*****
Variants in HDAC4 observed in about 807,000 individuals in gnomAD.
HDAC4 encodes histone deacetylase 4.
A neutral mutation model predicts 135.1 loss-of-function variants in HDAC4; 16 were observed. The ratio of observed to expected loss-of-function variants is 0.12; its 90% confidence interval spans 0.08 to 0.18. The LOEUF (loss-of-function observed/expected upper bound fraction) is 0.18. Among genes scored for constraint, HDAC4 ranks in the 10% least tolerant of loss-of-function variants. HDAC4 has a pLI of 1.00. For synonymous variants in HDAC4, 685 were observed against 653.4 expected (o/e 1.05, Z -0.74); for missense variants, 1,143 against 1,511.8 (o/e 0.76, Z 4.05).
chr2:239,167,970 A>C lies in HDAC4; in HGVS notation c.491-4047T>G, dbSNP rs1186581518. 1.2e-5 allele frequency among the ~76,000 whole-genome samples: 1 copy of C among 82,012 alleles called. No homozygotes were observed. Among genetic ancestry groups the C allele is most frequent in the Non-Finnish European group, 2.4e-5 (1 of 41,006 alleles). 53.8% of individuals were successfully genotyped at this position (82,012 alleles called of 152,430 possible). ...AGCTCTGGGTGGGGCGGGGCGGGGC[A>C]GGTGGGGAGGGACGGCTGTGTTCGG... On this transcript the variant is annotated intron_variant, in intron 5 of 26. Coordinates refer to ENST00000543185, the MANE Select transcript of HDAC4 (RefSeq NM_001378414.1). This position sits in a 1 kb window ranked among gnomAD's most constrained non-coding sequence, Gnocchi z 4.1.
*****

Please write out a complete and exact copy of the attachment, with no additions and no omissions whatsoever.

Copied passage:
Variants in HDAC4 observed in about 807,000 individuals in gnomAD.
HDAC4 encodes histone deacetylase 4.
A neutral mutation model predicts 135.1 loss-of-function variants in HDAC4; 16 were observed. The ratio of observed to expected loss-of-function variants is 0.12; its 90% confidence interval spans 0.08 to 0.18. The LOEUF (loss-of-function observed/expected upper bound fraction) is 0.18. Among genes scored for constraint, HDAC4 ranks in the 10% least tolerant of loss-of-function variants. HDAC4 has a pLI of 1.00. For synonymous variants in HDAC4, 685 were observed against 653.4 expected (o/e 1.05, Z -0.74); for missense variants, 1,143 against 1,511.8 (o/e 0.76, Z 4.05).
chr2:239,167,970 A>C lies in HDAC4; in HGVS notation c.491-4047T>G, dbSNP rs1186581518. 1.2e-5 allele frequency among the ~76,000 whole-genome samples: 1 copy of C among 82,012 alleles called. No homozygotes were observed. Among genetic ancestry groups the C allele is most frequent in the Non-Finnish European group, 2.4e-5 (1 of 41,006 alleles). 53.8% of individuals were successfully genotyped at this position (82,012 alleles called of 152,430 possible). ...AGCTCTGGGTGGGGCGGGGCGGGGC[A>C]GGTGGGGAGGGACGGCTGTGTTCGG... On this transcript the variant is annotated intron_variant, in intron 5 of 26. Coordinates refer to ENST00000543185, the MANE Select transcript of HDAC4 (RefSeq NM_001378414.1). This position sits in a 1 kb window ranked among gnomAD's most constrained non-coding sequence, Gnocchi z 4.1.